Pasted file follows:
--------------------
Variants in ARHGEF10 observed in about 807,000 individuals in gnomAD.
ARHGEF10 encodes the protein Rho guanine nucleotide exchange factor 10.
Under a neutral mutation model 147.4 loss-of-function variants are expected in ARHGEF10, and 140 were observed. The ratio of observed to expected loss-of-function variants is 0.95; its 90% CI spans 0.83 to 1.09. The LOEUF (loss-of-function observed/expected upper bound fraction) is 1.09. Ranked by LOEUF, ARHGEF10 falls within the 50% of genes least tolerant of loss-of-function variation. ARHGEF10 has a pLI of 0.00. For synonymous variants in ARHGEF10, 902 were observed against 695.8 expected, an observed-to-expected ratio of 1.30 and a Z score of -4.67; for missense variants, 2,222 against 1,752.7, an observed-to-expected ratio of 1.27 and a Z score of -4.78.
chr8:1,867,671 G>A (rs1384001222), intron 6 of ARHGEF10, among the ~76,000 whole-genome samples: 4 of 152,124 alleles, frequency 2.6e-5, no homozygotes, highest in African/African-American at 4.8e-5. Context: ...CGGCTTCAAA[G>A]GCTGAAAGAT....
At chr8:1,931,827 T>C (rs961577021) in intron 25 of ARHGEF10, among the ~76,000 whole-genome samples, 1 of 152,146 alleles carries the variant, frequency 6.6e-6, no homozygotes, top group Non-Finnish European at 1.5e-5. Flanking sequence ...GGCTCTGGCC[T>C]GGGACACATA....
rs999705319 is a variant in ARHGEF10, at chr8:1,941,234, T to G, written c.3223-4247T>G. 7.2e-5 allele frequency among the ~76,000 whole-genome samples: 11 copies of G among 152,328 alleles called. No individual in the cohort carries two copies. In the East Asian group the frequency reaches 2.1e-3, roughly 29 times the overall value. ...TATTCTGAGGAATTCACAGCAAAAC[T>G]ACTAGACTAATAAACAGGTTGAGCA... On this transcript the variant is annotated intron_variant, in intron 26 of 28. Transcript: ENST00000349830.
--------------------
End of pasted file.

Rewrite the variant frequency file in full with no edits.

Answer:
Variants in ARHGEF10 observed in about 807,000 individuals in gnomAD.
ARHGEF10 encodes the protein Rho guanine nucleotide exchange factor 10.
Under a neutral mutation model 147.4 loss-of-function variants are expected in ARHGEF10, and 140 were observed. The ratio of observed to expected loss-of-function variants is 0.95; its 90% CI spans 0.83 to 1.09. The LOEUF (loss-of-function observed/expected upper bound fraction) is 1.09. Ranked by LOEUF, ARHGEF10 falls within the 50% of genes least tolerant of loss-of-function variation. ARHGEF10 has a pLI of 0.00. For synonymous variants in ARHGEF10, 902 were observed against 695.8 expected, an observed-to-expected ratio of 1.30 and a Z score of -4.67; for missense variants, 2,222 against 1,752.7, an observed-to-expected ratio of 1.27 and a Z score of -4.78.
chr8:1,867,671 G>A (rs1384001222), intron 6 of ARHGEF10, among the ~76,000 whole-genome samples: 4 of 152,124 alleles, frequency 2.6e-5, no homozygotes, highest in African/African-American at 4.8e-5. Context: ...CGGCTTCAAA[G>A]GCTGAAAGAT....
At chr8:1,931,827 T>C (rs961577021) in intron 25 of ARHGEF10, among the ~76,000 whole-genome samples, 1 of 152,146 alleles carries the variant, frequency 6.6e-6, no homozygotes, top group Non-Finnish European at 1.5e-5. Flanking sequence ...GGCTCTGGCC[T>C]GGGACACATA....
rs999705319 is a variant in ARHGEF10, at chr8:1,941,234, T to G, written c.3223-4247T>G. 7.2e-5 allele frequency among the ~76,000 whole-genome samples: 11 copies of G among 152,328 alleles called. No individual in the cohort carries two copies. In the East Asian group the frequency reaches 2.1e-3, roughly 29 times the overall value. ...TATTCTGAGGAATTCACAGCAAAAC[T>G]ACTAGACTAATAAACAGGTTGAGCA... On this transcript the variant is annotated intron_variant, in intron 26 of 28. Transcript: ENST00000349830.